The English Courts therefore treat competition law claims essentially as falling outside the one-stop shop presumption unless they are, factually, simply a variant on the theme of an arguable contractual claim.  This was, furthermore, the approach of the CJEU in Case C-352/13 CDC v Akzo [2015] QB 906, in which it was held that a clause “…which abstractly refers to all disputes arising from contractual relationships” would not cover tortious liability as a result of a cartel, because “…the undertaking which suffered the loss could not reasonably foresee such litigation at the time that it agreed to the jurisdiction clause” (paras 69-70).

The latest word on this topic is the Microsoft decision.  Microsoft brought a claim in the English Courts for damages for the allegedly anti-competitive tortious conduct of Sony, LG and Samsung in relation to the pricing of Li-Ion batteries.  All the allegedly cartelised supplies by Sony had been made pursuant to an agreement with an arbitration clause requiring “any disputes related to this Agreement or its enforcement” to be settled by ICC arbitration.  Sony applied to stay the proceedings under section 9 of the Arbitration Act 1996, arguing that the arbitration clause covered the tort claims made against it.

Mr Justice Marcus Smith held that, on an orthodox application of the principles identified in Ryanair, the question of whether the tortious claims were within the arbitration clause depended on whether the conduct giving rise to the tortious claims also gave rise to an arguable contractual claim.  As he observed, “…it is difficult to see how a tortious claim can arise out of a contractual relationship when the only claim in contract that can be said to be related is unarguable” (para 54).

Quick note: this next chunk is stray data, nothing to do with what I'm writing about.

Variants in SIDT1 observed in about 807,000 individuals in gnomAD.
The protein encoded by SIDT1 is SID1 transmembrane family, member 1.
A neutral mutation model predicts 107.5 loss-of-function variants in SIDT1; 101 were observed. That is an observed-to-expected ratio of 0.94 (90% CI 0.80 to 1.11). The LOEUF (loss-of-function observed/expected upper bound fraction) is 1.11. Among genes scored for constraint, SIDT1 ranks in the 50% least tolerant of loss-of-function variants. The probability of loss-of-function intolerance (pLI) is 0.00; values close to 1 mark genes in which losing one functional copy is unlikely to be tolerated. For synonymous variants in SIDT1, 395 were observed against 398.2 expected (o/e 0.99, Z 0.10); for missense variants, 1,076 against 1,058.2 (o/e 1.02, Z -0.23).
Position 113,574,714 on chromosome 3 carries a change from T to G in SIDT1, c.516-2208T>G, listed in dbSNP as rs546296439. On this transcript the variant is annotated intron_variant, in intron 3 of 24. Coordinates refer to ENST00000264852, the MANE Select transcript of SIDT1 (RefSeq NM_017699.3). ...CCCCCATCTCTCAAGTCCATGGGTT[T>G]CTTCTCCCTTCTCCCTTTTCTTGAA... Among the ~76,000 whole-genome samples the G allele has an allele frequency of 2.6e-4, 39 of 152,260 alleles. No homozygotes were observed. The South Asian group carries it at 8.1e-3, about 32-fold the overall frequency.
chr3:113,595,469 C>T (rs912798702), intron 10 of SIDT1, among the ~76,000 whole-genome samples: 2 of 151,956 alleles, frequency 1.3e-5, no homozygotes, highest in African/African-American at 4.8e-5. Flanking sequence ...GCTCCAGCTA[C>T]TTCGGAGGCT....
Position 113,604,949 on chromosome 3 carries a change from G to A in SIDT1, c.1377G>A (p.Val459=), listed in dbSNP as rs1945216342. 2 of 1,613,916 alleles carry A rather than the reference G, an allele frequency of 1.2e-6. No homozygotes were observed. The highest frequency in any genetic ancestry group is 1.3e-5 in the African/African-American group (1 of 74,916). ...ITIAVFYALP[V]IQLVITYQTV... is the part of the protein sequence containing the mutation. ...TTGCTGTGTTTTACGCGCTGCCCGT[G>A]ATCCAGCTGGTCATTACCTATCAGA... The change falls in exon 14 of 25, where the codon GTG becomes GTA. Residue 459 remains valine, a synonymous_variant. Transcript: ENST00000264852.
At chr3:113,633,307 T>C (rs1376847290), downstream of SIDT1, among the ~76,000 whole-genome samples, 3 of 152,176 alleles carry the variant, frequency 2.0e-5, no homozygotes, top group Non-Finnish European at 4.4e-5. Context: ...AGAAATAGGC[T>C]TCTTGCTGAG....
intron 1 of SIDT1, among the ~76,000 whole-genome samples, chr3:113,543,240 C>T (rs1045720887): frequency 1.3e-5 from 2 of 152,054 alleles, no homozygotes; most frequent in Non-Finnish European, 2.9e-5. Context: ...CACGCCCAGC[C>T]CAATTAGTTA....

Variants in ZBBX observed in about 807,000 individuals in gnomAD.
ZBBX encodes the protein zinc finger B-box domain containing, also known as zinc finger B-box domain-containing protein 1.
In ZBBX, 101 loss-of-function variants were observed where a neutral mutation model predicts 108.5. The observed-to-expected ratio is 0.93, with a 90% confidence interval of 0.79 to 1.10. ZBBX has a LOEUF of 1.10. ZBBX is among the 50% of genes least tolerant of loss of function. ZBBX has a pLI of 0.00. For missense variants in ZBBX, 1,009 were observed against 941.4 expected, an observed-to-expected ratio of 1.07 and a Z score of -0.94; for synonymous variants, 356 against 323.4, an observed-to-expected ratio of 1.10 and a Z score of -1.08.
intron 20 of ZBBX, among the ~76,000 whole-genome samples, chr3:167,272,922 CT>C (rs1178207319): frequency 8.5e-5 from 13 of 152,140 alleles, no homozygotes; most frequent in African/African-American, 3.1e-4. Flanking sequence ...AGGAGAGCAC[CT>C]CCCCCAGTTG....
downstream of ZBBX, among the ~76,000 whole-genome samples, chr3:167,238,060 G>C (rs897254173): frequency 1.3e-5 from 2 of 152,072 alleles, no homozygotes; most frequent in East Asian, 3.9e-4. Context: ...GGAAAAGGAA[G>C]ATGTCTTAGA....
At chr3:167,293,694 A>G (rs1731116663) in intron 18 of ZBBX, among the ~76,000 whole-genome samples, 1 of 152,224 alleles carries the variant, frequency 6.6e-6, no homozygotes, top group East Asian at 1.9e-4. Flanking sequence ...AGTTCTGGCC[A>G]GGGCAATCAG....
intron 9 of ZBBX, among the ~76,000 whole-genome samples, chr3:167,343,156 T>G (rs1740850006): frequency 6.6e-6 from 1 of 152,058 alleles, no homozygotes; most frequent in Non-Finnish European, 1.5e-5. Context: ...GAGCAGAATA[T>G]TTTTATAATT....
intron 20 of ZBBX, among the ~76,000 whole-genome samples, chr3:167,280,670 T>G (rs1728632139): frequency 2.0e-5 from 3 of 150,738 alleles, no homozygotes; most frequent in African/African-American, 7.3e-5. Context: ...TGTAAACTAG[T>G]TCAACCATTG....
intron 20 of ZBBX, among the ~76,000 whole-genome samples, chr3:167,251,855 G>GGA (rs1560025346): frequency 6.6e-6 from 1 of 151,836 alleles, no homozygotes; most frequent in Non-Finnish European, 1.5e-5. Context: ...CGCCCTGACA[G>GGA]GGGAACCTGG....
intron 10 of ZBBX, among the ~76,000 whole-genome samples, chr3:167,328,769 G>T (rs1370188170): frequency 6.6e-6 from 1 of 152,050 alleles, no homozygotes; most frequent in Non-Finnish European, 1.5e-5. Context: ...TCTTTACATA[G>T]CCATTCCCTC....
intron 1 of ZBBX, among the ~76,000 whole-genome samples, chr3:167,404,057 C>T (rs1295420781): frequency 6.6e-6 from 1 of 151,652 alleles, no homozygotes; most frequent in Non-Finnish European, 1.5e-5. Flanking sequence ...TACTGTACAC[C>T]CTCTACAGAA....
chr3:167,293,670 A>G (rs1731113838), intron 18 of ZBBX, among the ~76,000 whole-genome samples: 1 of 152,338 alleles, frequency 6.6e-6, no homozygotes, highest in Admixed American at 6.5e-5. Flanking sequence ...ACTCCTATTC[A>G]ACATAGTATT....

The unusual incentives created by this (correct) understanding of Ryanair can be seen from the fact that Sony was accordingly required, in order to succeed in its application, to formulate a contractual claim against itself which Microsoft had not advanced.  Sony argued that because the relevant prices had been subject to an express obligation that they be negotiated in good faith, and because Sony was subject to a further obligation to disclose events that reasonably may affect its ability “to meet any of its obligations” under the agreement, the operation of a cartel would have been a clear breach of contract as well as tortious.

The Court accepted this submission, holding that it was “very difficult” to see how Sony could have engaged in the conduct complained of in the tort claims, without also breaching the contract.  On that basis, the competition law claims fell within the arbitration clause.  It did not matter in this regard that Microsoft had not advanced the contractual claim which Sony successfully contended it could have done, because otherwise “…it would be easy for a claimant to circumvent the scope of an arbitration or jurisdiction clause by selectively pleading or not pleading certain causes of action” (para 72(ii)).

The upshot for practitioners is that a decisive consideration when assessing whether a competition law claim falls within a jurisdiction clause is likely to be whether there are any viable contractual claims which “…would be sufficiently closely related to the tortious claims actually advanced by the Claimant so as to render rational businessmen likely to have intended such a dispute to be decided (like a contractual dispute) by arbitration” (Microsoft at para 72).  The existence and extent of any express or implied contractual obligations to observe competition law therefore looks set for detailed examination in competition law claims in the future.